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Executive & Military

Not to be Forgotten: The Case of Maher Arar

In the midst of our ongoing coverage of the content of, and fall out from, the Senate Select Intelligence Committee Report, and debates about the obligation to devise some form of accountability and remedy for the harms inflicted in our collective name, this post offers a brief reminder of another case, not mentioned in the Report, that remains one of the great injustices of the “Global War on Terror”: that of Canadian-Syrian Maher Arar.…   continue »

Guest Post: Torture Is Still on the Table

The recent Senate Intelligence Committee’s report on CIA interrogations is a parade of horribles. Detainees by the dozen arrested wrongfully and later released, including innocent nobodies and even men with mental disabilities. Poorly vetted interrogators with disciplinary problems and financial conflicts of interest.…   continue »

Guest Post: Drone Courts–A Response to Professor Vladeck

Editors’ note: In this post, Professors Brand, Guiora, and Barela reply to Steve Vladeck’s December 2 post, “Drone Courts: The Wrong Solution to the Wrong Problem,” which addressed an article by Professors Brand and Guiora.

Introduction

We are grateful for the thoughtful commentary by Professor Vladeck regarding our recent paper, “Establishment of a Drone Court: A Necessary Restraint on Executive Power,” soon to be a chapter in the book The Legitimacy of Drones: UCAVs for Cross-Border Counterterrorism edited by Steven J.…   continue »

The Washington Post Editorial Board’s (mis)conception of Congress’s role in war authorizations

In Monday’s Washington Post, the editorial board called for the next Congress to prioritize passage of an authorization for use of military force (AUMF) against ISIL, but also admonished Congress not to place conditions on its authorization. The editorial states:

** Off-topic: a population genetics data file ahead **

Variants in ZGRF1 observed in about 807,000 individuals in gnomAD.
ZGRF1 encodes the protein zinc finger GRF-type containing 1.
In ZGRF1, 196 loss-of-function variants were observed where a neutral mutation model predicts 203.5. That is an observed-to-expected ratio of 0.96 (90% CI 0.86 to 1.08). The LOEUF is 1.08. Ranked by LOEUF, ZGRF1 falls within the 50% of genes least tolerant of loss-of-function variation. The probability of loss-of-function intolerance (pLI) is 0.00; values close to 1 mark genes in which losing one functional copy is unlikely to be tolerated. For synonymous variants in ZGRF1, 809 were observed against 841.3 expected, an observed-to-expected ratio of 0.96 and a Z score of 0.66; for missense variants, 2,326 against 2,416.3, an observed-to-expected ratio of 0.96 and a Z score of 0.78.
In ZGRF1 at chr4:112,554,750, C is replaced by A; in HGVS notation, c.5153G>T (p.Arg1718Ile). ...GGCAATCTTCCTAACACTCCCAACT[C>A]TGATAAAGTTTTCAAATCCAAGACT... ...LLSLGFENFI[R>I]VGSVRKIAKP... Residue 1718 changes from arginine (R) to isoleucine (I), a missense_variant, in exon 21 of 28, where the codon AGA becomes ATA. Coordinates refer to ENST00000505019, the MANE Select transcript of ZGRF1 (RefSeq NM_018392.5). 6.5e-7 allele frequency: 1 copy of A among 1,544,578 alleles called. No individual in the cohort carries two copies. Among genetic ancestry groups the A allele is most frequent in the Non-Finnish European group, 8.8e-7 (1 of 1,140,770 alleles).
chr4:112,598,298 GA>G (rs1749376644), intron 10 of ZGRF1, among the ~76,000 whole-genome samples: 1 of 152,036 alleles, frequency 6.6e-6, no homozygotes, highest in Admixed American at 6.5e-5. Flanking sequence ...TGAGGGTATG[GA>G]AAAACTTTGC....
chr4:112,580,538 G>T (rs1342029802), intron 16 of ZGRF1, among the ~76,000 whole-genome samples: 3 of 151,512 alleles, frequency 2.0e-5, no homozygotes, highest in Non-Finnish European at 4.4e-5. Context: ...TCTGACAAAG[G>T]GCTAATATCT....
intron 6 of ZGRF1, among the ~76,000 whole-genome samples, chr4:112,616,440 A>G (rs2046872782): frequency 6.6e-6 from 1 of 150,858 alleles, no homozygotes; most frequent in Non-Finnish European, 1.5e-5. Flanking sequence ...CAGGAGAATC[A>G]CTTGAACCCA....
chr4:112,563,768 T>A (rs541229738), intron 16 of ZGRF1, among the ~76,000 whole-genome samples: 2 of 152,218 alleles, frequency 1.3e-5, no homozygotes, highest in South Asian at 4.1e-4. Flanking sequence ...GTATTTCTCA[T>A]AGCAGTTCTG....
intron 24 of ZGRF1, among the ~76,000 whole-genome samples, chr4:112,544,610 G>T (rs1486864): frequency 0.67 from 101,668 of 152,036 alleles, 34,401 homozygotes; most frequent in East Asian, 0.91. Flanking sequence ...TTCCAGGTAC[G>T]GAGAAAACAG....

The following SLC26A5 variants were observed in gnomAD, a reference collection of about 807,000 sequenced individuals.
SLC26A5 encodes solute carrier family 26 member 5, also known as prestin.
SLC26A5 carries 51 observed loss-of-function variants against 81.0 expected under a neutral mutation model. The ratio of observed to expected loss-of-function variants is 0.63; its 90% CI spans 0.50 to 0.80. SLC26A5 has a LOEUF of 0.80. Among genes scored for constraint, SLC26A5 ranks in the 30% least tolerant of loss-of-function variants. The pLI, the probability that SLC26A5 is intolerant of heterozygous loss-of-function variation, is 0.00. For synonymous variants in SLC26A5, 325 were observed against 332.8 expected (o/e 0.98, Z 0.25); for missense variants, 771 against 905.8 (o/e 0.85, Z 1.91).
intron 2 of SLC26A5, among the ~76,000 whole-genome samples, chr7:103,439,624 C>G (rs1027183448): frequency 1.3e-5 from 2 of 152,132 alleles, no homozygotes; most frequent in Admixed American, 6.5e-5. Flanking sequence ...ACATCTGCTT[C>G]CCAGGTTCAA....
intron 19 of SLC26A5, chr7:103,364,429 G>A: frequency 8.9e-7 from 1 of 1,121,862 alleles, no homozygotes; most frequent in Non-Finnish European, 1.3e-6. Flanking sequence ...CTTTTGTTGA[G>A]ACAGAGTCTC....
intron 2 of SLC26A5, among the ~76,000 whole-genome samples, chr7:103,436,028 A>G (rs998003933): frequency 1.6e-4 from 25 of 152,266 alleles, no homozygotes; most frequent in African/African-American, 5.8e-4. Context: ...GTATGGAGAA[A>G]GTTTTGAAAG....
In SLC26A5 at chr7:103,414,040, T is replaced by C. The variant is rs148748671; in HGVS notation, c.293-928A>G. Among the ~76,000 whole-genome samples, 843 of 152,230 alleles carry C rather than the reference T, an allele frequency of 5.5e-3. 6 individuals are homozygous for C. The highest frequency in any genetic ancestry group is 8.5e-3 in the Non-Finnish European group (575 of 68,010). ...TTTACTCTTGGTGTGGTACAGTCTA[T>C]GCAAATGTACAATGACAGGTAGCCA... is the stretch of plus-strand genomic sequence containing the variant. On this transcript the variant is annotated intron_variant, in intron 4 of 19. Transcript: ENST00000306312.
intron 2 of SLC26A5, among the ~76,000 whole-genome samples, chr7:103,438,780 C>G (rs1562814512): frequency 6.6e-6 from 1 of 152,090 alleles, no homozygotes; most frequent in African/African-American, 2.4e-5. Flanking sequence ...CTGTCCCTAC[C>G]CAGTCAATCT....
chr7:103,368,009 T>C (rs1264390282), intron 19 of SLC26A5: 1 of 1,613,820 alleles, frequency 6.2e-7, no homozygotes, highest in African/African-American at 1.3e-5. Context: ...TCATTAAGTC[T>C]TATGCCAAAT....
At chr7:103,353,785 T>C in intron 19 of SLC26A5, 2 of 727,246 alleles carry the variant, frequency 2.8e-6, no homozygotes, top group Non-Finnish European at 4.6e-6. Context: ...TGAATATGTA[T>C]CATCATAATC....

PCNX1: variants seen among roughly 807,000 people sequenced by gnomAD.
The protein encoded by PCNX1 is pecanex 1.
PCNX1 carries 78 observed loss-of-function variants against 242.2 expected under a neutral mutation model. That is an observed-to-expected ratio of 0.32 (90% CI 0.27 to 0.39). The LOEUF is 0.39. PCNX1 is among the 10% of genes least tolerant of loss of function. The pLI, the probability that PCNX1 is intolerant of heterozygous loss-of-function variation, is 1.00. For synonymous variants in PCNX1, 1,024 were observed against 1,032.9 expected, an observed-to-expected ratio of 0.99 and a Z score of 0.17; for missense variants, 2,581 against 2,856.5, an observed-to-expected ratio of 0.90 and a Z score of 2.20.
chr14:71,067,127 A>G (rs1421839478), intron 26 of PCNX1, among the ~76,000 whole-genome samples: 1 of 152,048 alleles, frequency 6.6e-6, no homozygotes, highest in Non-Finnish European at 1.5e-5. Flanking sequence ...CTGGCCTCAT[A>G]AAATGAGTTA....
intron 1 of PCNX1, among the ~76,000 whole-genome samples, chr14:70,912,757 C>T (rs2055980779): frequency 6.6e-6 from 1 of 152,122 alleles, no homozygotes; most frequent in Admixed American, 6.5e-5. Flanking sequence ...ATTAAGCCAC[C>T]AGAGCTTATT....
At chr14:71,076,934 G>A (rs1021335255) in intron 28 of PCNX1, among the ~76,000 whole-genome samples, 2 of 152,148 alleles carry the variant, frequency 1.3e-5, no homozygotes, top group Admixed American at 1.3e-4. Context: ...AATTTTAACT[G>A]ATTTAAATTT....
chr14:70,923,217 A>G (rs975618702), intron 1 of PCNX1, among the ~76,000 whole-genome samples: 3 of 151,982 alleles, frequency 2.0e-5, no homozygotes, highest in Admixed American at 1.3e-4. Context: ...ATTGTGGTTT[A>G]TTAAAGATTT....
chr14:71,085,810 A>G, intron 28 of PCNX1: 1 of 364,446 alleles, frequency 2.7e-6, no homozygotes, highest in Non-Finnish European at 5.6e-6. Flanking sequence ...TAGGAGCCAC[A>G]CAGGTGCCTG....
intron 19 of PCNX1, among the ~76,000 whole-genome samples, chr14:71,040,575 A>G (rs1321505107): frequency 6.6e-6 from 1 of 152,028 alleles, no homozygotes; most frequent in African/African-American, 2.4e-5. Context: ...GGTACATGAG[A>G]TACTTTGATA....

“Congress’s role is to authorize wars and their aims, not micromanage how they are waged.”

In other words, the proper role for members of Congress is to authorize the war, specify its objectives, and then get out of the way.…   continue »

No Impunity for Torturers

In a post called “The Torture Report is Only the First Step,” Harold Koh observed on Friday that the Senate Intelligence Committee’s account of the CIA’s interrogation and detention program should be “more than enough to reopen investigations at the Justice Department to see whether prosecutions are warranted.” Ken Roth, who leads Human Rights Watch, made the same point in a piece published by the Washington Post over the weekend.…   continue »

The Unintended Consequences of the 2001 AUMF Sunset

I join Ryan Goodman in applauding the Senate Foreign Relations Committee under the strong leadership of its Chairman Bob Menendez (D-N.J.), Sen. Tim Kaine (D-Va.), and many others on the Committee who fought hard to get an Authorization for the Use of Military Force (AUMF) against ISIL reported out before the end of the lame duck.…   continue »

The Cost-Benefit Analysis: The Preventive Value of the Senate Torture Report

Amidst the full-throated defense of the CIA’s interrogation tactics (see, e.g., Cheney – “I’d do it again”), the President’s refusal to state whether or not abusive interrogations yielded actionable intelligence, John Brennan’s suggestion that future administrations might want to resurrect the use of enhanced interrogation techniques, and the dominant assumption that the perpetrators of torture and other abusive interrogation practices will escape prosecution, at least in the United States,  it is easy to wonder what will keep us from repeating the same mistakes again.…   continue »